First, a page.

The Socratic Method

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From the works of Plato to the views of Socrates, the definition of justice has been argued and disputed by the wisest. Socrates believed that justice was good and discovered a universal good; therefore every man is capable of finding good. Good exists as happiness, determined by what we value most. What lies in the midst of our thoughts, that an “unexamined life” is acceptable? Through the use of questioning we begin to break down the walls of ignorance and live a life that is worth living.

In 399 B.C., three Athenian citizens brought a public charge against Socrates, which is seen throughout the book, The Apology. Like all other Greeks, specifically the Athenians believed that the gods would damn the entire city if people went against their gods, so to not anger the gods, the city passed a law forbidding impiety; which was what they charged Socrates. His impious acts inclu ded not believing in the gods of the city, introducing new ideas, and corrupting the youth. Throughout the text, we notice Socrates’ modesty, his questioning habit, and his devotion to truth. He explained his purpose as a philosopher, eventually concluding that he has the kind of wisdom that each of them lacks: an awareness of their ignorance. His goal is to help individuals achieve self-awareness – self- knowledge – even if it turns ugly in character. His method of questioning can be personal in the struggle to understand everything. He speaks that the great issues of life and virtue in part are necessarily valuable.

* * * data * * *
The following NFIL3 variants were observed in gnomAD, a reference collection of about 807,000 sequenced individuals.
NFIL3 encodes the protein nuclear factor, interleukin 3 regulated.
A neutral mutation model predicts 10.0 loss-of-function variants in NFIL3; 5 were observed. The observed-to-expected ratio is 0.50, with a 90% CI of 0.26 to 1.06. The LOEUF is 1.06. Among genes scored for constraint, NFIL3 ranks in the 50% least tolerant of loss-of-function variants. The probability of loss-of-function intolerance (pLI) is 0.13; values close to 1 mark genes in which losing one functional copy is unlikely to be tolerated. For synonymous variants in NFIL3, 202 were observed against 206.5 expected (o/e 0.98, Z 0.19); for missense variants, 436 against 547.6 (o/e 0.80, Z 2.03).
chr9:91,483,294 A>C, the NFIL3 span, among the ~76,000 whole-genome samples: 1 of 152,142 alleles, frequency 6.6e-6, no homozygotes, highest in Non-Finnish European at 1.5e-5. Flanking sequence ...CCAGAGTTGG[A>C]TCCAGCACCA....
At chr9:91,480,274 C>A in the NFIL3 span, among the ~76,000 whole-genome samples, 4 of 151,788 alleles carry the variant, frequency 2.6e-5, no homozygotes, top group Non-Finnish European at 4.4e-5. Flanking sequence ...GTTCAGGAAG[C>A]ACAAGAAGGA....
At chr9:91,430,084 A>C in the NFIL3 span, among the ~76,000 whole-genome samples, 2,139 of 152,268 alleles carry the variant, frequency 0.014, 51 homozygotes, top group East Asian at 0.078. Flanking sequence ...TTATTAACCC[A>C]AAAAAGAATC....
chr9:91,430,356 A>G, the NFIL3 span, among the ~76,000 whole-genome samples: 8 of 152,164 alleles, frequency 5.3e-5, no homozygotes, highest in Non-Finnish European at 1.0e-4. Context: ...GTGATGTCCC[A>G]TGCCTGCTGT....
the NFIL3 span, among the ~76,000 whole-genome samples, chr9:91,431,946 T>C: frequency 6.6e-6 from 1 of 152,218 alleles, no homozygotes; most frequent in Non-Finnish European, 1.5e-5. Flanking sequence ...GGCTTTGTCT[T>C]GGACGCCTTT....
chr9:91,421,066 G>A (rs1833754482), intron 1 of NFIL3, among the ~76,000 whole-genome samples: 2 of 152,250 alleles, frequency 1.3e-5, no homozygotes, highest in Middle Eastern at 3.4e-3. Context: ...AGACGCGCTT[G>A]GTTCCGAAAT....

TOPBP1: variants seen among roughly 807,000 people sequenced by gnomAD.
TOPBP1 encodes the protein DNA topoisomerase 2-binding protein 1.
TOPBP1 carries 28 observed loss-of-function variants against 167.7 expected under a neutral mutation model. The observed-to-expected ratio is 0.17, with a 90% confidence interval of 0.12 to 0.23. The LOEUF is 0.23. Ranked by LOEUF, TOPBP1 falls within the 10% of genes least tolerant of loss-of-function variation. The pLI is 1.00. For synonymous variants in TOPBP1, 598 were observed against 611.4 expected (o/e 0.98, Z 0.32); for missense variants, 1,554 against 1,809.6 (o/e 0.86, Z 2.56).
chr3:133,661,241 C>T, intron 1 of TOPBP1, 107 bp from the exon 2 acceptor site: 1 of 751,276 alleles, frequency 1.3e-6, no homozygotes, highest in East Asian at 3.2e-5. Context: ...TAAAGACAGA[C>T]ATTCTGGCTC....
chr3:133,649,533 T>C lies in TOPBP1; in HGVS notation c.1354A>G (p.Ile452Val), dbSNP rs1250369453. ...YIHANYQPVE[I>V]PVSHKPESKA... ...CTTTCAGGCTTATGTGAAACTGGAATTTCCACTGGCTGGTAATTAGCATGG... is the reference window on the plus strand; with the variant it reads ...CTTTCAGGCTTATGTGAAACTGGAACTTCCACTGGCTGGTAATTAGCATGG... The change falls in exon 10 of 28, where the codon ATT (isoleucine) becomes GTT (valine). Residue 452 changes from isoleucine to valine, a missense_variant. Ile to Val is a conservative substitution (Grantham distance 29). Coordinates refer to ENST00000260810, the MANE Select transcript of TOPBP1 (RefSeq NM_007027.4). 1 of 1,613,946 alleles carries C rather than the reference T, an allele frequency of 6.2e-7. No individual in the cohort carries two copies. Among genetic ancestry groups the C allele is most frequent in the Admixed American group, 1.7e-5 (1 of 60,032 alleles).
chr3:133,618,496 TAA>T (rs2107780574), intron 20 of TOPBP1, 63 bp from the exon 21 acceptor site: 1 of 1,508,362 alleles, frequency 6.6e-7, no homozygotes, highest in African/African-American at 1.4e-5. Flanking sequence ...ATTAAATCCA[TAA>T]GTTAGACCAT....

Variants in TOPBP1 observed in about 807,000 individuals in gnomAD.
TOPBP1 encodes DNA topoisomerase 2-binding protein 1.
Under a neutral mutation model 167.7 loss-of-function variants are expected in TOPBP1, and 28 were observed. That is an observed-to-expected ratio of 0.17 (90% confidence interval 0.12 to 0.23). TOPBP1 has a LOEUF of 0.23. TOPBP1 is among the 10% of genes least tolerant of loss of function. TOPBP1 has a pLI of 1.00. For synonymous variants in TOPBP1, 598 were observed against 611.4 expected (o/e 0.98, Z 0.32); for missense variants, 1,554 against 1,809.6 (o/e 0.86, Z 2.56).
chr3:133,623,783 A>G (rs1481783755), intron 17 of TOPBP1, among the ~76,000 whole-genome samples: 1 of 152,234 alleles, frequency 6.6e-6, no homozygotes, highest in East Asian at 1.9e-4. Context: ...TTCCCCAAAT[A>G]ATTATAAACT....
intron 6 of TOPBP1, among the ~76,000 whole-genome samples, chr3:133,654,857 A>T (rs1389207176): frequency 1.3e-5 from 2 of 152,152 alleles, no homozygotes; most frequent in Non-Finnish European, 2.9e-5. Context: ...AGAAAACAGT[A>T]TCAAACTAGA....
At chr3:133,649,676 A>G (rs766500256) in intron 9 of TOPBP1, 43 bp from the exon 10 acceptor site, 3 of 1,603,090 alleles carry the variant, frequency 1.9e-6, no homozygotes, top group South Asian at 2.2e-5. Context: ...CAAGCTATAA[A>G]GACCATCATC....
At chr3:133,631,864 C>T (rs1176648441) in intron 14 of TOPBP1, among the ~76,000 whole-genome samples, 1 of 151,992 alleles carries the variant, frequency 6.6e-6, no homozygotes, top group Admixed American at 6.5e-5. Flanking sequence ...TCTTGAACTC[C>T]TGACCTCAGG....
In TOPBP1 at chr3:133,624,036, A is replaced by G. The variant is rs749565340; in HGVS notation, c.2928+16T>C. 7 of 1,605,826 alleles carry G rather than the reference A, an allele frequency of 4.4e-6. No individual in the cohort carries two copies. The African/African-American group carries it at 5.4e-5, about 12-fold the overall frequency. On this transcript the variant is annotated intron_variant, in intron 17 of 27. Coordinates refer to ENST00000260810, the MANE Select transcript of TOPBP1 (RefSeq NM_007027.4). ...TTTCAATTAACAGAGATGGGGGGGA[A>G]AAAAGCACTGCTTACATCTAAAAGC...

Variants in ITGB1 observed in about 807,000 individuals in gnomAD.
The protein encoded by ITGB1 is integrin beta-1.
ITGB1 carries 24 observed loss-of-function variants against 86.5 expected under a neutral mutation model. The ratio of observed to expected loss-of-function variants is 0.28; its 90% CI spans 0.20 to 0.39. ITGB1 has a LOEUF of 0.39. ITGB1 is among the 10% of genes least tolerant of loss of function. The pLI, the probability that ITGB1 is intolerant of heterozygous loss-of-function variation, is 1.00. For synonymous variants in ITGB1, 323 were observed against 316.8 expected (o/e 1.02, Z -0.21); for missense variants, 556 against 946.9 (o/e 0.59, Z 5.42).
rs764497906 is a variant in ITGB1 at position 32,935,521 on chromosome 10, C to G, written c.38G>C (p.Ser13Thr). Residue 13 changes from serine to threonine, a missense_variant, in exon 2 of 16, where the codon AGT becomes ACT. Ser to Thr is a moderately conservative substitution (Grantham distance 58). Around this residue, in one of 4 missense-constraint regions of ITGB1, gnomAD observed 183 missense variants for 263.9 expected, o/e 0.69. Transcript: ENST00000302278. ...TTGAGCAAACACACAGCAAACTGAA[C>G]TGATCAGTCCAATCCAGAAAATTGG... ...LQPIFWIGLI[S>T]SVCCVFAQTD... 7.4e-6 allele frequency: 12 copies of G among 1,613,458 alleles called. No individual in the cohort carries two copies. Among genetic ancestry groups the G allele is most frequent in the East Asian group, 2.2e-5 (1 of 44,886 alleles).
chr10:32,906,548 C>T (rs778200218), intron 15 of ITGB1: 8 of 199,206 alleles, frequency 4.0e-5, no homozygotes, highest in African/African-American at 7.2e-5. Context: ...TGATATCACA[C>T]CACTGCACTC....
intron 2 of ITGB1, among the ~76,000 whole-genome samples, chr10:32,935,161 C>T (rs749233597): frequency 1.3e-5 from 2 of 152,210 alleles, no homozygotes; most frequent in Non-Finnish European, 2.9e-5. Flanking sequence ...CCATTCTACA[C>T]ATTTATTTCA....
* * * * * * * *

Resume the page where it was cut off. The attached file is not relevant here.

Socrates states that he is on trial for heresy concerning the youth of that time, for encouraging them and helping them get to a place where they are dependent on their own thoughts. He answers this claim by telling a story about a Delling Or...

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...Socratic Method is important in the search for justice because it institutes awareness. Our sense of good or of what is good – what we see as good – is morality. It is built in man. To discover self is to discover the greater things in life that are truly important. Ignorance blinds us from the realization of our self-worth, but an examined life leads to a life that is not plagued by what we see as the norm; but a life of awareness of our own ignorance.

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